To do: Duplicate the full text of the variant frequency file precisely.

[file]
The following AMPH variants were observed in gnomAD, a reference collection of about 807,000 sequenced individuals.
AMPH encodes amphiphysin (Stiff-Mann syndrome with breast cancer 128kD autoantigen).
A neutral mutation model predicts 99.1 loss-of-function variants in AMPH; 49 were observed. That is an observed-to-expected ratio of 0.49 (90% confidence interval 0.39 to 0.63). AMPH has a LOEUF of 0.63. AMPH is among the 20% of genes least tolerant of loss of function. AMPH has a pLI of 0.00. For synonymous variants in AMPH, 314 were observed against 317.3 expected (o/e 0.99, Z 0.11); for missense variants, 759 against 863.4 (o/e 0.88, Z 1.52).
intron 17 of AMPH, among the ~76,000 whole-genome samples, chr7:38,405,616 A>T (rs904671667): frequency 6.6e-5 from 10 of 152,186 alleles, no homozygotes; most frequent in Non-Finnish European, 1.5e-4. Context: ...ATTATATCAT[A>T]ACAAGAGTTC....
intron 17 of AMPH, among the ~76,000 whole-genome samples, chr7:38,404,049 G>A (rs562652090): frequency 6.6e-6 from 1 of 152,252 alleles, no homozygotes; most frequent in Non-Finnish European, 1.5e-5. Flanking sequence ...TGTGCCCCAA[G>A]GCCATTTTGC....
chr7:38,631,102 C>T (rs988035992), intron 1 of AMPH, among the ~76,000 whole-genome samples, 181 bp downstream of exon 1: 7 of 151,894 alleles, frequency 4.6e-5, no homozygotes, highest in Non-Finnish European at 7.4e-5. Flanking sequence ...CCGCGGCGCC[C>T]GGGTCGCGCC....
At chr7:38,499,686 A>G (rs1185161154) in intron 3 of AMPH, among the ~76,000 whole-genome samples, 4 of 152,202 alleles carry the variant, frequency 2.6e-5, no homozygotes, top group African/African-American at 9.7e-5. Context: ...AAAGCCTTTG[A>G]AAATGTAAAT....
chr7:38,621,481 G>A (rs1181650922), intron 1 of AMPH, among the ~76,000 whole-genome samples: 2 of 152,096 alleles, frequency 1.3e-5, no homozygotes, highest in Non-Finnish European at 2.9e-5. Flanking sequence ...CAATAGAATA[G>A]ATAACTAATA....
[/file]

The following AMPH variants were observed in gnomAD, a reference collection of about 807,000 sequenced individuals.
AMPH encodes amphiphysin (Stiff-Mann syndrome with breast cancer 128kD autoantigen).
A neutral mutation model predicts 99.1 loss-of-function variants in AMPH; 49 were observed. That is an observed-to-expected ratio of 0.49 (90% confidence interval 0.39 to 0.63). AMPH has a LOEUF of 0.63. AMPH is among the 20% of genes least tolerant of loss of function. AMPH has a pLI of 0.00. For synonymous variants in AMPH, 314 were observed against 317.3 expected (o/e 0.99, Z 0.11); for missense variants, 759 against 863.4 (o/e 0.88, Z 1.52).
intron 17 of AMPH, among the ~76,000 whole-genome samples, chr7:38,405,616 A>T (rs904671667): frequency 6.6e-5 from 10 of 152,186 alleles, no homozygotes; most frequent in Non-Finnish European, 1.5e-4. Context: ...ATTATATCAT[A>T]ACAAGAGTTC....
intron 17 of AMPH, among the ~76,000 whole-genome samples, chr7:38,404,049 G>A (rs562652090): frequency 6.6e-6 from 1 of 152,252 alleles, no homozygotes; most frequent in Non-Finnish European, 1.5e-5. Flanking sequence ...TGTGCCCCAA[G>A]GCCATTTTGC....
chr7:38,631,102 C>T (rs988035992), intron 1 of AMPH, among the ~76,000 whole-genome samples, 181 bp downstream of exon 1: 7 of 151,894 alleles, frequency 4.6e-5, no homozygotes, highest in Non-Finnish European at 7.4e-5. Flanking sequence ...CCGCGGCGCC[C>T]GGGTCGCGCC....
At chr7:38,499,686 A>G (rs1185161154) in intron 3 of AMPH, among the ~76,000 whole-genome samples, 4 of 152,202 alleles carry the variant, frequency 2.6e-5, no homozygotes, top group African/African-American at 9.7e-5. Context: ...AAAGCCTTTG[A>G]AAATGTAAAT....
chr7:38,621,481 G>A (rs1181650922), intron 1 of AMPH, among the ~76,000 whole-genome samples: 2 of 152,096 alleles, frequency 1.3e-5, no homozygotes, highest in Non-Finnish European at 2.9e-5. Flanking sequence ...CAATAGAATA[G>A]ATAACTAATA....